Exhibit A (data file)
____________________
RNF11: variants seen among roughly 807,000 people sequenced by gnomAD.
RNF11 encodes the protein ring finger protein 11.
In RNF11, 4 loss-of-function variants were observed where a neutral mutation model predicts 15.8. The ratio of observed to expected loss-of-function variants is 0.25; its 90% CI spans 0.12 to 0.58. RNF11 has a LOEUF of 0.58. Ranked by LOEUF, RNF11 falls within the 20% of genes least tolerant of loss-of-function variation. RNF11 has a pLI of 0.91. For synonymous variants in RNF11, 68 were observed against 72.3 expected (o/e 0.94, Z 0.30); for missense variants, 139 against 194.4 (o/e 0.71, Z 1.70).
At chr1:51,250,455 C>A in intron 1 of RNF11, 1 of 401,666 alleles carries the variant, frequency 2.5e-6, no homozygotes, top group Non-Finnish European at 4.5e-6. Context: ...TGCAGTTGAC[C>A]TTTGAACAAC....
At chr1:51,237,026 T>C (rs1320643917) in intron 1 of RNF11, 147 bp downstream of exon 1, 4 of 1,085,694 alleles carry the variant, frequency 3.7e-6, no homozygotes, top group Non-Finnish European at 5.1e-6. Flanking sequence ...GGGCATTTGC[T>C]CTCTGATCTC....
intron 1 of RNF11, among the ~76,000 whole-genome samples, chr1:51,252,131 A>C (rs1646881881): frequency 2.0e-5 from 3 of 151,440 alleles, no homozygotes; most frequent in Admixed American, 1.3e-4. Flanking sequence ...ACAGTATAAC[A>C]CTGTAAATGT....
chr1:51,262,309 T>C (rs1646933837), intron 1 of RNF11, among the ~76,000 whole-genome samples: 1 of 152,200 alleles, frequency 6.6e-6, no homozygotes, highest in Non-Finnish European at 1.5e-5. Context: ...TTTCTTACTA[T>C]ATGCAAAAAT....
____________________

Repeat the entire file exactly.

RNF11: variants seen among roughly 807,000 people sequenced by gnomAD.
RNF11 encodes the protein ring finger protein 11.
In RNF11, 4 loss-of-function variants were observed where a neutral mutation model predicts 15.8. The ratio of observed to expected loss-of-function variants is 0.25; its 90% CI spans 0.12 to 0.58. RNF11 has a LOEUF of 0.58. Ranked by LOEUF, RNF11 falls within the 20% of genes least tolerant of loss-of-function variation. RNF11 has a pLI of 0.91. For synonymous variants in RNF11, 68 were observed against 72.3 expected (o/e 0.94, Z 0.30); for missense variants, 139 against 194.4 (o/e 0.71, Z 1.70).
At chr1:51,250,455 C>A in intron 1 of RNF11, 1 of 401,666 alleles carries the variant, frequency 2.5e-6, no homozygotes, top group Non-Finnish European at 4.5e-6. Context: ...TGCAGTTGAC[C>A]TTTGAACAAC....
At chr1:51,237,026 T>C (rs1320643917) in intron 1 of RNF11, 147 bp downstream of exon 1, 4 of 1,085,694 alleles carry the variant, frequency 3.7e-6, no homozygotes, top group Non-Finnish European at 5.1e-6. Flanking sequence ...GGGCATTTGC[T>C]CTCTGATCTC....
intron 1 of RNF11, among the ~76,000 whole-genome samples, chr1:51,252,131 A>C (rs1646881881): frequency 2.0e-5 from 3 of 151,440 alleles, no homozygotes; most frequent in Admixed American, 1.3e-4. Flanking sequence ...ACAGTATAAC[A>C]CTGTAAATGT....
chr1:51,262,309 T>C (rs1646933837), intron 1 of RNF11, among the ~76,000 whole-genome samples: 1 of 152,200 alleles, frequency 6.6e-6, no homozygotes, highest in Non-Finnish European at 1.5e-5. Context: ...TTTCTTACTA[T>C]ATGCAAAAAT....